MAMMOTH WEED WIZARD BASTARD
If you happened
to catch Batushka when they hit the UK last year, the chances are that you’ll have overheard some heated debates over who is the true face of, er, non-faceshowing Polish black metal – Batushka being the scene-stealing relative newcomers, tonight’s headliners considered the genuine article. Both bands have reached breakthrough status – could have sold out a far bigger venue than the Underworld if they’d wanted – and it’s a sign of their pulling power that the venue’s already full for openers Their depressive take on BM reaches epic, heart-scorching proportions as frontman Nathan Vander Vaet holds on to his mic like Ian Curtis back from the dead. If lose some mystique points by soundchecking in civvies in front of the crowd, the actual, spikeadorned barrage that follows allows no space beyond being totally immersed in the moment. Not so much songs as brutally efficient displays of power, this is death metal as sputtering gun turret, hurling fusillades of blastbeats through a miasmic whorl of riffs and parched chants to implacably and pretty much mystically arresting effect.
Somewhat disappointingly, Mgła’s pre-set soundcheck reveals their faces, proving at the very least that they’re not actually the four horsemen of the Apocalypse. But properly suited up in regulation leather jackets, hoods and mesh, there’s a bleak power erupting through the uncomfortably packed venue that soon gets transfigured into something celebratory. A band who’ve kept genuine kvlt status while proving sonically accessible, at their heart is the same kind of gothic, 80s pulse that drives the twilight-journeying likes of Nachtmysium and Tribulation. Mgła weld it with both an otherworldly, atmospheric level of conviction and a gristly momentum that binds a sardine-packed crowd to states of rapt, reverberating wonder. THE LEXINGTON, LONDON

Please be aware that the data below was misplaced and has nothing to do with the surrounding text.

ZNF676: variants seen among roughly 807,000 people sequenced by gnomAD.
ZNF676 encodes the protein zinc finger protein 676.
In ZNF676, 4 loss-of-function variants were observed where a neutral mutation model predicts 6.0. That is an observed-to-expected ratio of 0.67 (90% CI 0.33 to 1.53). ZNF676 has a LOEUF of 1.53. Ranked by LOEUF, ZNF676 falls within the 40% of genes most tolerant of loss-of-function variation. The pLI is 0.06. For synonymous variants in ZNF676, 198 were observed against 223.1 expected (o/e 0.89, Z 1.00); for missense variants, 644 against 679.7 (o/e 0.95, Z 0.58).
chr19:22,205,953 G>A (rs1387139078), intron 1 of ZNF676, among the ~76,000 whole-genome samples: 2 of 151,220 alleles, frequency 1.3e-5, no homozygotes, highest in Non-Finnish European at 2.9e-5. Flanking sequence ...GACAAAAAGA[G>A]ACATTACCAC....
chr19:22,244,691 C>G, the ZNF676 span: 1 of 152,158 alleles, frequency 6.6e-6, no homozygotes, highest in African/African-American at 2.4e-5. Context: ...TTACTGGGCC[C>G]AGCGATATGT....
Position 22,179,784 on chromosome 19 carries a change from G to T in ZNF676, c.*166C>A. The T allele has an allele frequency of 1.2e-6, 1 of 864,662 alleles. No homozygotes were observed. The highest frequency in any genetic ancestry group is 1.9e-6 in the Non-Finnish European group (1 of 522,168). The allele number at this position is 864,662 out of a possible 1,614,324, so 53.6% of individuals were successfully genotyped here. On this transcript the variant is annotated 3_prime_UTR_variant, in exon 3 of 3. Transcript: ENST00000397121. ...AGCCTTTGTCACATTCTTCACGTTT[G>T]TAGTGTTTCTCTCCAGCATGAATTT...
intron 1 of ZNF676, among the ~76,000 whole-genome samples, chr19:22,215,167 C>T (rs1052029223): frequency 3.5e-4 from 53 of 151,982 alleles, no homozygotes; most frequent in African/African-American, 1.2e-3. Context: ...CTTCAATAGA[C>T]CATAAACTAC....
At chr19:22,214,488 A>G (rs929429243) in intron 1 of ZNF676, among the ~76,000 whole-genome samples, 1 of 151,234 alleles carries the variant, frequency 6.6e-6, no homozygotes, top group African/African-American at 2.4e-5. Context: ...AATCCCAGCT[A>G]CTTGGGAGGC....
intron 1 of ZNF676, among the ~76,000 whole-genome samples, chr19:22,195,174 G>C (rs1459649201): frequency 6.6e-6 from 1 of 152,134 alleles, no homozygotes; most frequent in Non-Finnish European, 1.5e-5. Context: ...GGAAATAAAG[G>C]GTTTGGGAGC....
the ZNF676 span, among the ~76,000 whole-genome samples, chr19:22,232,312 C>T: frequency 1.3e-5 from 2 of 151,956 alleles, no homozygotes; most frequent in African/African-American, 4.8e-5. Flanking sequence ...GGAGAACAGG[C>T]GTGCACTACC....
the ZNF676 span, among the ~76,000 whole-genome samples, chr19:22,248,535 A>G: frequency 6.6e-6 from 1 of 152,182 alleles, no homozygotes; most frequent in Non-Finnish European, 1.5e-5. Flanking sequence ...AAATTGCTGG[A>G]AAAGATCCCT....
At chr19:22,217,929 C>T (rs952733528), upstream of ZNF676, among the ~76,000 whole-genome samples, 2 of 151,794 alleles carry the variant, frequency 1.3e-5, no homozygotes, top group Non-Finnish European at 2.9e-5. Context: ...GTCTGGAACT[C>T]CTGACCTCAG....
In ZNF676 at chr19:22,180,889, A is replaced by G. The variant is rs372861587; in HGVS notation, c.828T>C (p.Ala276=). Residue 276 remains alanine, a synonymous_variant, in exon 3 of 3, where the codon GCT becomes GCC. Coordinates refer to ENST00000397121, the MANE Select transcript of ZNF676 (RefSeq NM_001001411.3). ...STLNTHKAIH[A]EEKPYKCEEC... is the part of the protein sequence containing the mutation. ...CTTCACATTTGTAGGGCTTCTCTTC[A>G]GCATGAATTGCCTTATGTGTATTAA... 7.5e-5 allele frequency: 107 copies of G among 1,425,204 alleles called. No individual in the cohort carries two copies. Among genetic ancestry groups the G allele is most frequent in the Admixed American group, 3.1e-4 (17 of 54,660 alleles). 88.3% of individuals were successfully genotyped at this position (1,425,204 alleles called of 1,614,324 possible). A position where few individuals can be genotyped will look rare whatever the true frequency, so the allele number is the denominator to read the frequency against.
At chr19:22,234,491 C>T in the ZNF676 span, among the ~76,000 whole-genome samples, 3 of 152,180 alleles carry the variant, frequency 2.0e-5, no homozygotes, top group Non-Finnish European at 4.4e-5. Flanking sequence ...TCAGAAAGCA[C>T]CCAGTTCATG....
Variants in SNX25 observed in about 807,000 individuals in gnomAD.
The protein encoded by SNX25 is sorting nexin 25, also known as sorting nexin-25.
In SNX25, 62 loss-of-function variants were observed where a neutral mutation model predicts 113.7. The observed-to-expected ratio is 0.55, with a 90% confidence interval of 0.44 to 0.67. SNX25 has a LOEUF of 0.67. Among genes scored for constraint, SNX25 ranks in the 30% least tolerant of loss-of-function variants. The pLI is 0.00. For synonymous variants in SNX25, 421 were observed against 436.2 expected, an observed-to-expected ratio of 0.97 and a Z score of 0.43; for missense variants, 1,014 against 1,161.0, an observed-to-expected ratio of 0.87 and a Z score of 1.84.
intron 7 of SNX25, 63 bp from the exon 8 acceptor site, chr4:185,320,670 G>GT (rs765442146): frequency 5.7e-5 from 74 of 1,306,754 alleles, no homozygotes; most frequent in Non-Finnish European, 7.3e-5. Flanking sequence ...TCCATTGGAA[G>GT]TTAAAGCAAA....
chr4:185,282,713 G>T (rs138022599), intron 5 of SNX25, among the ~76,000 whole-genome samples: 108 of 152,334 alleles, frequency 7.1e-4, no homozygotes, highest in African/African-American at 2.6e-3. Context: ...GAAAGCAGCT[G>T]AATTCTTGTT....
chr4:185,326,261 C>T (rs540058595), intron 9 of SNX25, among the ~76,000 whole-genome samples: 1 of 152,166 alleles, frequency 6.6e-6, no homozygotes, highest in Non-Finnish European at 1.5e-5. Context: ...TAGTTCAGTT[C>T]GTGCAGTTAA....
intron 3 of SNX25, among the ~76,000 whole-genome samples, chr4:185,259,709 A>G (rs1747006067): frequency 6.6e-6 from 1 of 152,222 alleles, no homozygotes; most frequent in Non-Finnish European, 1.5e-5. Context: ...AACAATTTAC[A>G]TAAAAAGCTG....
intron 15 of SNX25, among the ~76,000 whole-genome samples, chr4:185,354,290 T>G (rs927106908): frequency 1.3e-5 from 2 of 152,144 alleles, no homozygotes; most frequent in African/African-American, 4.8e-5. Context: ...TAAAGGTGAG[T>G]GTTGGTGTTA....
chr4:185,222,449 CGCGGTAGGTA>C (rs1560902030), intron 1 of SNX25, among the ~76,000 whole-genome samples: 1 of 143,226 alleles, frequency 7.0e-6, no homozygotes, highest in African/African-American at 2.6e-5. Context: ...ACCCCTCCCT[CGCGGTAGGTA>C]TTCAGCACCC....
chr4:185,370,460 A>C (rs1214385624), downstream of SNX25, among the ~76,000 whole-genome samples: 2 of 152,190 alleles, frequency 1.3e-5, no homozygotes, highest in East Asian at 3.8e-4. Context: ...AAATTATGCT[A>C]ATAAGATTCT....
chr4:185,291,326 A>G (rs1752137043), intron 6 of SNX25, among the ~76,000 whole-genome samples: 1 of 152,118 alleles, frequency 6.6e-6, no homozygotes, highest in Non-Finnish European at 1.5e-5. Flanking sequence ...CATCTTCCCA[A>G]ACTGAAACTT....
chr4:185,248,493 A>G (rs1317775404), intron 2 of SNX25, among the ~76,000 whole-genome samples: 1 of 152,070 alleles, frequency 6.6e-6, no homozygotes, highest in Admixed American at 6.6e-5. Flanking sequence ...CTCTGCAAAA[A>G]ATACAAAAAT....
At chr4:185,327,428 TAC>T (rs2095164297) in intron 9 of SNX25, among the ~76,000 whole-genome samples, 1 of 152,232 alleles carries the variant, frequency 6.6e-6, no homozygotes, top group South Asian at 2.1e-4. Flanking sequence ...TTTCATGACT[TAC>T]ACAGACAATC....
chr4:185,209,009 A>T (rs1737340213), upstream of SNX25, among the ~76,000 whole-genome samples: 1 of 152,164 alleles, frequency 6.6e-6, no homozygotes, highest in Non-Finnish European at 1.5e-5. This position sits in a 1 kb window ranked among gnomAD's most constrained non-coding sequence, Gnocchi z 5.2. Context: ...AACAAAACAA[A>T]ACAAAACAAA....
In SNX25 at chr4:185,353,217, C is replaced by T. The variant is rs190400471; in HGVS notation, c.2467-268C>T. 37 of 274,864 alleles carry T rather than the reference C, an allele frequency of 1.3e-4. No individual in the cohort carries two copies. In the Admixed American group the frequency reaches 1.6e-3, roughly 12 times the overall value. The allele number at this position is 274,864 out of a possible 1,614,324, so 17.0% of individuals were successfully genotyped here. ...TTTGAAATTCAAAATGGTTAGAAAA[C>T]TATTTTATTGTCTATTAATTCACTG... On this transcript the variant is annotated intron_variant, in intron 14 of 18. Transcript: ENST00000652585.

Wrexham’s MaMMoth Weed WIzaRd BaStaRd rustle up a cosmic, doom-laden stoner storm that is much better than their ridiculous moniker would suggest. Their secret weapon is vocalist Jessica Ball; her ethereal, sultry vocals glide over the music, giving the band a hypnotic, intoxicating fusion that sounds like Chelsea Wolfe fronting Sleep. After a few minutes of warbling feedback, they hazily and heavily collide into the opening riff of The Spaceships Of Ezekiel from their career-best latest album, Yn Ol I Annwyn. The music is powerful but it’s obvious that something is off, with Jessica showing visible frustration that The Lexington’s PA can’t handle their expansive, atom-smashing sound. Unfortunately, it’s Jessica’s vocals that suffer most, a barely perceptible soft murmur sunk in the vortex of swirling, sludge-textured riffs that peel out around her. Given that the technical issues are predominantly with vocals, it seems a wise move to launch into the instrumental Katyusha, although at 13 minutes in length, it does start to drag a little towards the end. MWWB are an excellent band, vastly superior to many of their stoner contemporaries, but tonight just simply isn’t their night.
Mgła: the non-face of Polish black metal